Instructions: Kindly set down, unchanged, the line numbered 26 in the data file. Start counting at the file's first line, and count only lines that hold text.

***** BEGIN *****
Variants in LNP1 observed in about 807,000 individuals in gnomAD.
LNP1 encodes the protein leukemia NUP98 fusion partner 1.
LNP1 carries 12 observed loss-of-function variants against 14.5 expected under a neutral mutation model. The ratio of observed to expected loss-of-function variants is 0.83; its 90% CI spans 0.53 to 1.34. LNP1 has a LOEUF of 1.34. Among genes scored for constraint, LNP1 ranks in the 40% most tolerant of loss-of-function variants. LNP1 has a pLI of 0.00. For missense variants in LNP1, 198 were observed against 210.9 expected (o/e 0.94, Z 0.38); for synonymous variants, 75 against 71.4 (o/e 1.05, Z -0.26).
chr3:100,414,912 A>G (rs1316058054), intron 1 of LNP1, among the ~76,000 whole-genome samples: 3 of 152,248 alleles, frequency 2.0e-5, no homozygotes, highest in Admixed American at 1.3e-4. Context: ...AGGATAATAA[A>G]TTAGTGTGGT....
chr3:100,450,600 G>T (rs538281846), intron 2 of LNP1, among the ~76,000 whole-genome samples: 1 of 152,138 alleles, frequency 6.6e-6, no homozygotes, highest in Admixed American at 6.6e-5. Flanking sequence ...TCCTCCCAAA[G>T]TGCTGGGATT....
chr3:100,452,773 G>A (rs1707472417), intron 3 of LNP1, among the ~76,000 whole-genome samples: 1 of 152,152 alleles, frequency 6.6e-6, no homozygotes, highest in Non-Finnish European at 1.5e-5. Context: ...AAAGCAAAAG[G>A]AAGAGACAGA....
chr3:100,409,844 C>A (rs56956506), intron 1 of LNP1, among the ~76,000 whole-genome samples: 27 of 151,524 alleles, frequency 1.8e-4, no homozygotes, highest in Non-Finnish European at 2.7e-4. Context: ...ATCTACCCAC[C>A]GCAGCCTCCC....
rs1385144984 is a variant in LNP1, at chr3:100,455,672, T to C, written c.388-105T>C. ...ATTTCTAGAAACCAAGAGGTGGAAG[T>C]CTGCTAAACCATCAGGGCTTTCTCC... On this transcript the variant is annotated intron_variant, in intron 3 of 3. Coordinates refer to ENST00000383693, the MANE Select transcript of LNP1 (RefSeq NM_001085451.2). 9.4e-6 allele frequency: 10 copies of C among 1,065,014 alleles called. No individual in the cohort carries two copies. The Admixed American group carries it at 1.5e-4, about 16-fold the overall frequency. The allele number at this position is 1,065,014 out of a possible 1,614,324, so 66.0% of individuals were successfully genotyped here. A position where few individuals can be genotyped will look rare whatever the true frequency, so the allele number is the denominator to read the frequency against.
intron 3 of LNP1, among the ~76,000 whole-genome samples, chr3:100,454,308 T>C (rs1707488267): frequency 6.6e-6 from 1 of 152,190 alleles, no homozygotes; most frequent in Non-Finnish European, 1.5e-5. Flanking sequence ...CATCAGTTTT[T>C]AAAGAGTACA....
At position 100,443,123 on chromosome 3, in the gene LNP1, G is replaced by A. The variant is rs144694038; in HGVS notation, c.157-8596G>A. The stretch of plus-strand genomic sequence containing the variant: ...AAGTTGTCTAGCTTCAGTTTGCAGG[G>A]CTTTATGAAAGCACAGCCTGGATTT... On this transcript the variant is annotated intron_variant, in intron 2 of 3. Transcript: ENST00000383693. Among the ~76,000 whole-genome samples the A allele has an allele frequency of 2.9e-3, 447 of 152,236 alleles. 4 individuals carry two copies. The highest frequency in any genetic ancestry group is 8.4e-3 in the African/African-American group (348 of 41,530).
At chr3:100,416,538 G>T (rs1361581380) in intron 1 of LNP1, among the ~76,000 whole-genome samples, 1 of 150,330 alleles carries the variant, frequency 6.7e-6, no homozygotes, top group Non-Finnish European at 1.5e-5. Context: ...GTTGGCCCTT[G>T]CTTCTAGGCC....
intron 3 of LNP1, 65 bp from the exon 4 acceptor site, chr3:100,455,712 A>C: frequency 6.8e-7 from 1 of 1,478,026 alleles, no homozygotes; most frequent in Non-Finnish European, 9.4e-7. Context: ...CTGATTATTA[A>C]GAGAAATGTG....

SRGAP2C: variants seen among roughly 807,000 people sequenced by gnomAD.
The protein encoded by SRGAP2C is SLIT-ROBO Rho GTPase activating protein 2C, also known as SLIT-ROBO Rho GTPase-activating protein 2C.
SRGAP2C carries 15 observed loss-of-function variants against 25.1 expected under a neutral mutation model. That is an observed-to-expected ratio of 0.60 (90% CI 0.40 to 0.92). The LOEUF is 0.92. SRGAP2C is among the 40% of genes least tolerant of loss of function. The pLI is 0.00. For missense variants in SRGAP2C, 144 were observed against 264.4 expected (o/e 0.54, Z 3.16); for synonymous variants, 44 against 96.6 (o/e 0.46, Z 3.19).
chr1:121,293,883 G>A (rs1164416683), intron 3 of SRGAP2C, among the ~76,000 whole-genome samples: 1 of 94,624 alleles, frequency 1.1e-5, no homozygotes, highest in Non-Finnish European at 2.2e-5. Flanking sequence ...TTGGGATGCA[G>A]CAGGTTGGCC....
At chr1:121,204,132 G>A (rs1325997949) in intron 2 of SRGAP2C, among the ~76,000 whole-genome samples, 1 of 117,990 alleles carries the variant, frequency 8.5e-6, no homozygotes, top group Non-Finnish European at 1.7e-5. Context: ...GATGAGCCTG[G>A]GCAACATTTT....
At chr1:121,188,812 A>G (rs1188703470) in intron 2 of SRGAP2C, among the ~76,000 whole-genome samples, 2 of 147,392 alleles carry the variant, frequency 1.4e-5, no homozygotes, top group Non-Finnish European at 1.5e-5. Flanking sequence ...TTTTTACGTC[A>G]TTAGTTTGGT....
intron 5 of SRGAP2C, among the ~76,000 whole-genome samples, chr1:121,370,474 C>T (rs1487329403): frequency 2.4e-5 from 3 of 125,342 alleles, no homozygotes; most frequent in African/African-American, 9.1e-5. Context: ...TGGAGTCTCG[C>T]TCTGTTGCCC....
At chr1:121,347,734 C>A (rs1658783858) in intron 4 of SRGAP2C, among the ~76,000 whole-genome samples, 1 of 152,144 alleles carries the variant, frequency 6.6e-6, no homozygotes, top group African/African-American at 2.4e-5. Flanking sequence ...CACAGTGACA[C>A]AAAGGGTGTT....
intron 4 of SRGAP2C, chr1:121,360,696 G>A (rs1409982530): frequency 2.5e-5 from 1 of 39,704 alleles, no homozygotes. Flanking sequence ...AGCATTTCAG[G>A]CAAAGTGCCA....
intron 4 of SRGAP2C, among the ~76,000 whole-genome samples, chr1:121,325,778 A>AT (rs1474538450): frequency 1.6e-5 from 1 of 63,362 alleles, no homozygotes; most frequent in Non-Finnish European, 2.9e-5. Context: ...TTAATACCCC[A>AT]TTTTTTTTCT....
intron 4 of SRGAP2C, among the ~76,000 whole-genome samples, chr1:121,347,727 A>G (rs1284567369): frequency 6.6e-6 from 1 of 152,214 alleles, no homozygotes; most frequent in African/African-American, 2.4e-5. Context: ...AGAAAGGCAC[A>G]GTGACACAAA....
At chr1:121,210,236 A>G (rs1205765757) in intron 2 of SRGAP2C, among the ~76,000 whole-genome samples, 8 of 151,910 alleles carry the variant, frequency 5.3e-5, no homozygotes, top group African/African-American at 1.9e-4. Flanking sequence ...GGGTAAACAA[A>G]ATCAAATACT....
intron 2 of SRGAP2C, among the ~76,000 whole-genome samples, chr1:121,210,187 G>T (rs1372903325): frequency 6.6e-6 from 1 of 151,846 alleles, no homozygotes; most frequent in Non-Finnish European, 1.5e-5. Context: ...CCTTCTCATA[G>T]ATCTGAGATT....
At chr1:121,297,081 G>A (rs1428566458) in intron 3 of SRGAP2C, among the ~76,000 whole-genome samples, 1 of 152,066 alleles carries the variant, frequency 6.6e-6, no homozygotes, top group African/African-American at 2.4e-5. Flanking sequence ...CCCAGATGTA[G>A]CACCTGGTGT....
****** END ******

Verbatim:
At chr1:121,297,081 G>A (rs1428566458) in intron 3 of SRGAP2C, among the ~76,000 whole-genome samples, 1 of 152,066 alleles carries the variant, frequency 6.6e-6, no homozygotes, top group African/African-American at 2.4e-5. Flanking sequence ...CCCAGATGTA[G>A]CACCTGGTGT....